Did I have psoriasis or Dermatitis Herpetiformis (essentially coeliac disease of the skin)?

Answer: Maybe it's the same parallel as gut problems. WGA certainly gets in to the systemic circulation. I think it's a reasonable assumption gluten does too. It will be landing on vascular and/or dermal cells in the skin. Gluten induced stress here results in MIC expression. NK cells have that AK47, an itchy trigger finger and are seriously looking for MIC. Sometimes there is antibody production, sometimes there isn't. This could easily be the result of receptor subtypes (genetic) on your antigen presenting cells. Different labels, different lab results (if it ever gets that far) but a similar approach is needed. Perhaps there are a host of immune mediated problems triggered by gluten that are not antibody producing.

Peter

7 comments:

rnikoley said...

Hi Peter:

Great blog, which I love and wouldn't miss a single post.

This reminds me of something you talked about in a recent post as to the use of Omeprozole and other pump inhibitors.

I've been on one or the others of those for some years. Having begun a workout program, and then low-to-no carb last October, I was able to get off a Flonnaise like nasal spray for sinus allergies I've been on for years, and I also quit taking Levothroid (125 mcg/day) around the holidays. I'd been on this for hypo-thyroid, a test showing a slightly abnormal thyroid producing hormone, or something. Interestingly, getting off the levothroid is the point at which my weight really began dropping. results here:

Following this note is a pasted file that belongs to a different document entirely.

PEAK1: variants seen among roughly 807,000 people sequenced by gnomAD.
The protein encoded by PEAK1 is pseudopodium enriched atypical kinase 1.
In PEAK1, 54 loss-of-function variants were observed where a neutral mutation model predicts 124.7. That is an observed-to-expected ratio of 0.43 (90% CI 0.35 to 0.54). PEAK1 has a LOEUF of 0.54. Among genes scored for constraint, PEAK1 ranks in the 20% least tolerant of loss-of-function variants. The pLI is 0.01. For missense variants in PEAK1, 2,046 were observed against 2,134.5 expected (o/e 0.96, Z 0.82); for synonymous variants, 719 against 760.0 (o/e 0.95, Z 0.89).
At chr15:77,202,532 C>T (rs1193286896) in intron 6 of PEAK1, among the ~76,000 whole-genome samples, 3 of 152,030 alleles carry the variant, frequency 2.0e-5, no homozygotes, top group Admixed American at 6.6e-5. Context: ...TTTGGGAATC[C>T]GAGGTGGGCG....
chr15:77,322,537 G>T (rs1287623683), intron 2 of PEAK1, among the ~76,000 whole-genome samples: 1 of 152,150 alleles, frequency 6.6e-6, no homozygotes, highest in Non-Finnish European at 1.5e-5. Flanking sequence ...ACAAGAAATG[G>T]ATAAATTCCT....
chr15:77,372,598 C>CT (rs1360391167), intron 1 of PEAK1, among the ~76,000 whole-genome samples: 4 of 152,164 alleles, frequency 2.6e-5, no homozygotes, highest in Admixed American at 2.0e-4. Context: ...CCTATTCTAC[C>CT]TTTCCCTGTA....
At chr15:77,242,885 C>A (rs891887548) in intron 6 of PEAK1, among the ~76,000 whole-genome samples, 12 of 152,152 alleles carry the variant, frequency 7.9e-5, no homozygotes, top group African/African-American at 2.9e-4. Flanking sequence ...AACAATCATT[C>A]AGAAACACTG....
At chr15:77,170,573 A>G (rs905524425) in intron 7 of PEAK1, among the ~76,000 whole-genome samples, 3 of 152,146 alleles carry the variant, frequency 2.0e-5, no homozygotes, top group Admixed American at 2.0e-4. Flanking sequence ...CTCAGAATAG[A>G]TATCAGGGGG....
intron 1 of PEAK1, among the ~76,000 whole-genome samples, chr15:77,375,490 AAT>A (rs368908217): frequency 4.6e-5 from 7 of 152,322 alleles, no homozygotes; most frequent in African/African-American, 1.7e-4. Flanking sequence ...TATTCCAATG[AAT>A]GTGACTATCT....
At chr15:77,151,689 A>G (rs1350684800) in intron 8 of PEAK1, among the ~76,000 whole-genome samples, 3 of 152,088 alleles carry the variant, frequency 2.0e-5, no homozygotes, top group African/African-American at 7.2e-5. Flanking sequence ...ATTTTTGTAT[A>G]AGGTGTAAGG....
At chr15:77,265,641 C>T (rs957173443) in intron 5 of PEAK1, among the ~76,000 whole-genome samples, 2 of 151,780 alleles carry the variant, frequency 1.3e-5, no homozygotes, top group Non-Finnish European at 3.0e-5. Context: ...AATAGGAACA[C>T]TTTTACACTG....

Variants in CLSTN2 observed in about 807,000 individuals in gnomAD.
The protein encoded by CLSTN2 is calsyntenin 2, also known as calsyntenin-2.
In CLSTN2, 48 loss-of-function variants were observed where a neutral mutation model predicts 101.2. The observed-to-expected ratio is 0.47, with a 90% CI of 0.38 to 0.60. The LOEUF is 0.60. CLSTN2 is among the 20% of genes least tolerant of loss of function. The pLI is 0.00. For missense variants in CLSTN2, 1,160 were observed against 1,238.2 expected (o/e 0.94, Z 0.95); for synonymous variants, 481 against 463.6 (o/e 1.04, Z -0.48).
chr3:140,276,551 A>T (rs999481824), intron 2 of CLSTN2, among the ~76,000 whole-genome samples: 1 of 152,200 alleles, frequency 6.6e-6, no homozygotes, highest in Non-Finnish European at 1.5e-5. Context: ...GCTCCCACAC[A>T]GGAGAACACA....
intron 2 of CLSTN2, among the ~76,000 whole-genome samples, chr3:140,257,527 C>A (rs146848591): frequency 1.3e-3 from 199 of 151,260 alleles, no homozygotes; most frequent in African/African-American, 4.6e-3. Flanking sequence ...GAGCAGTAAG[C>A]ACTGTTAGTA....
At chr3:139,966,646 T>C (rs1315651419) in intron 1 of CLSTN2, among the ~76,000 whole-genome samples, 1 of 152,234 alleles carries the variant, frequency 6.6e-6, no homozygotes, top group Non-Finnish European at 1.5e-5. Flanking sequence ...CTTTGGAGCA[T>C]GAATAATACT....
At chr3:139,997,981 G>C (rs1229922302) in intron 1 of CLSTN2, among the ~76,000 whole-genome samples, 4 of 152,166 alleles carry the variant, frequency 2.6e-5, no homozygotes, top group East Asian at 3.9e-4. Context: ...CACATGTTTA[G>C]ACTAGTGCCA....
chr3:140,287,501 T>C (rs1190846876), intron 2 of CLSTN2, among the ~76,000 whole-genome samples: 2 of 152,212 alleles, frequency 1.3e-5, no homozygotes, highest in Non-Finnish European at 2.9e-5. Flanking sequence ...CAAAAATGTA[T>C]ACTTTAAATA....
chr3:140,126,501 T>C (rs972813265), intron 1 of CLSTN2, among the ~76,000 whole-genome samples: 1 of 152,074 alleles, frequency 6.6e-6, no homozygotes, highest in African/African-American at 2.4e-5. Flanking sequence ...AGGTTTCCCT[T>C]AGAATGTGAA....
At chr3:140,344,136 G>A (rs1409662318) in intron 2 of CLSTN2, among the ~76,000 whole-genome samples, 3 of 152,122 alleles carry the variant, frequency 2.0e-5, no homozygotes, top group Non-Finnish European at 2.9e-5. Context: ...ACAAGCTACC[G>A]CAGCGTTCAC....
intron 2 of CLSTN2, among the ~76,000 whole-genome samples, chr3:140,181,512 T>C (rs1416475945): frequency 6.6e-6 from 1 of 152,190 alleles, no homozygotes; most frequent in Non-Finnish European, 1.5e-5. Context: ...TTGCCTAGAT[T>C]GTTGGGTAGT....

http://www.honestylog.com/root/2008/02/a-path-in-pictu.html

Anyway, long story short is that I tried to go off the Omeprozole but had to go back on. The heartburn was just too bothersome, even with almost no carbs. However, I do consume alcohol (single malt scotch: a weakness).

Any suggestions off hand? For the time being I'm taking the whole dose and have no heartburn ever, but I'd really like to get off it and wondered if you've had any ideas about what I might do.

Peter said...

Hi Richard,

I see from your blog that you eat paleo. I just assume you are grain free. I've no idea how gluten triggers acid reflux but that was the primary problem my wife was suffering from before LC. In the early days, if she lapsed, that was the primary problem to come back. She ate Atkins induction, completely gluten free.

You probably know that all of the LC writers consider acid reflux to be the easiest of the GI conditions to manage, which must make the omeprazole a bit galling.

OK, assuming you're gluten free, this is what happened with my wife on relapses. Just going LC strictly was not enough. After about a week or two of non resolution (still omeprazole free) we did something extra. The first time was an accident, it was very early in LC and she developed routine thrush, which had been a minor recurrent problem pre LC. It tended to flare when she lapsed. Yeasts eat sugar, LC lapses cause hyperglycaemia. Taking a single fluconazole 150mg capsule sorted the thrush and gut out on the same day. We were amazed. She did this for about two more gut only episodes in the aftermath of a carb binge or gluten exposure. It worked. Not needed it after that first year or so.

I thought this was pretty out on a limb. There is a great deal of rubbish on the net about generalised candidiasis. I'd also point out that clinical experience is no guide to efficacy. Might easily be coincidence.

Then I found this paper.